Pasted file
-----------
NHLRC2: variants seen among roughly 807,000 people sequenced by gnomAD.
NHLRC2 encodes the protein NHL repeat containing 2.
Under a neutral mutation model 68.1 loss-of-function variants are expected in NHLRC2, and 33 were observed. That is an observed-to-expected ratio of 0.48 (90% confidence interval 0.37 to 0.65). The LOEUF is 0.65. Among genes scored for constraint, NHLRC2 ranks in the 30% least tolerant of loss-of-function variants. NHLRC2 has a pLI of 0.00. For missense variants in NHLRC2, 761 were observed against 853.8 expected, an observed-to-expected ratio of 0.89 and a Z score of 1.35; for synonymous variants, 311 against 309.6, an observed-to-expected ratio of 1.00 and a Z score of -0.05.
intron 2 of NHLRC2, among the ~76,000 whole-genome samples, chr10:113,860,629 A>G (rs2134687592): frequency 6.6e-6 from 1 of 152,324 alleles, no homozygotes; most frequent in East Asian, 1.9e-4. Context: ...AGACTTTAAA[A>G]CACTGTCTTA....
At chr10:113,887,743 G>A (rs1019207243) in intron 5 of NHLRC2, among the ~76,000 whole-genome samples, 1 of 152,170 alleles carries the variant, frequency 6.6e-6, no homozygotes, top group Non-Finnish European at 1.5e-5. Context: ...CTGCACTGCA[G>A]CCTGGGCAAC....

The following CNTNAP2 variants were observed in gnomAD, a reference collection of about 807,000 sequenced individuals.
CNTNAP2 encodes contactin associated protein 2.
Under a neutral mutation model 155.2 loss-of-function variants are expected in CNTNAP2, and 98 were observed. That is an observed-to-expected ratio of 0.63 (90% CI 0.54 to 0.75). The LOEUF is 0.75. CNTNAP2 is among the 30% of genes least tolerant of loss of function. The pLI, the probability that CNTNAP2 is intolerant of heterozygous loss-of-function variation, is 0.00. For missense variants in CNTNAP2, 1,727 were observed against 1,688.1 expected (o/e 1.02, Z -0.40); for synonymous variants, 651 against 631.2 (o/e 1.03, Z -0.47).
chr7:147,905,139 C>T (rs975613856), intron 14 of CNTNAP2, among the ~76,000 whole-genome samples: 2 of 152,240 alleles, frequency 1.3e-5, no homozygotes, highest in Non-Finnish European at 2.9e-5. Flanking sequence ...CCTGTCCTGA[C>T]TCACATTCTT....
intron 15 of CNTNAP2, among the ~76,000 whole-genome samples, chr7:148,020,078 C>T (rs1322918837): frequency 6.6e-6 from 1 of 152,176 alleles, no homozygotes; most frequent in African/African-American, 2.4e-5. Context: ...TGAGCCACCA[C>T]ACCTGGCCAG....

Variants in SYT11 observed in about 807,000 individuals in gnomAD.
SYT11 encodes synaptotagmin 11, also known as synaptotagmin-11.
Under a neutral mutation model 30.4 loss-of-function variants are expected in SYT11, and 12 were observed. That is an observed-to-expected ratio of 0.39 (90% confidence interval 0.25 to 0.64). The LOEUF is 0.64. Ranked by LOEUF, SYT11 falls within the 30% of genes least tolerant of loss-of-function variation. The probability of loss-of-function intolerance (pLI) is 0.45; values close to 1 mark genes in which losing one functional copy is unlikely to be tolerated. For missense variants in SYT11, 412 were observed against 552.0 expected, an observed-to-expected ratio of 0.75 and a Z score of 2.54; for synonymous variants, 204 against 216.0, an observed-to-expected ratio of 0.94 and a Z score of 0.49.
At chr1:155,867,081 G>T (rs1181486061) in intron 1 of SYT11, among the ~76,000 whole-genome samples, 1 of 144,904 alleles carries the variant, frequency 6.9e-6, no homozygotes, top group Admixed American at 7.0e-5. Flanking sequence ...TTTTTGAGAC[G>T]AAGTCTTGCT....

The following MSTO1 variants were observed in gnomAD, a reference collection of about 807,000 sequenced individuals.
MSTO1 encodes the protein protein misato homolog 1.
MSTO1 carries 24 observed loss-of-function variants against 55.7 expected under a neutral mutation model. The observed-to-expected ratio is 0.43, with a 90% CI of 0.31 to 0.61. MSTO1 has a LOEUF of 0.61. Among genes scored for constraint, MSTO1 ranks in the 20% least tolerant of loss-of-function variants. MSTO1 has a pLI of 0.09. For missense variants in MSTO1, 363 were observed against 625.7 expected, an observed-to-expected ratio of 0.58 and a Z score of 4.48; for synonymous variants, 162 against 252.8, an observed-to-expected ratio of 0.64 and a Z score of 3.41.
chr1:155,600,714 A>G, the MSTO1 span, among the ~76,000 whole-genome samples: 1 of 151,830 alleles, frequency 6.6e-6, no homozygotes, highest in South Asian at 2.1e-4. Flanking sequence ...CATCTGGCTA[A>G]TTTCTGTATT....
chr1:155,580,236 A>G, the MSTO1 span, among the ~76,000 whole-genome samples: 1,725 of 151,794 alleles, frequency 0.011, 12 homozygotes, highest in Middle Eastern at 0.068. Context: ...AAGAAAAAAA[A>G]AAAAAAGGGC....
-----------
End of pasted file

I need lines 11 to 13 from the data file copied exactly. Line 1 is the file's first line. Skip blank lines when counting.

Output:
Variants in SYT11 observed in about 807,000 individuals in gnomAD.
SYT11 encodes synaptotagmin 11, also known as synaptotagmin-11.
Under a neutral mutation model 30.4 loss-of-function variants are expected in SYT11, and 12 were observed. That is an observed-to-expected ratio of 0.39 (90% confidence interval 0.25 to 0.64). The LOEUF is 0.64. Ranked by LOEUF, SYT11 falls within the 30% of genes least tolerant of loss-of-function variation. The probability of loss-of-function intolerance (pLI) is 0.45; values close to 1 mark genes in which losing one functional copy is unlikely to be tolerated. For missense variants in SYT11, 412 were observed against 552.0 expected, an observed-to-expected ratio of 0.75 and a Z score of 2.54; for synonymous variants, 204 against 216.0, an observed-to-expected ratio of 0.94 and a Z score of 0.49.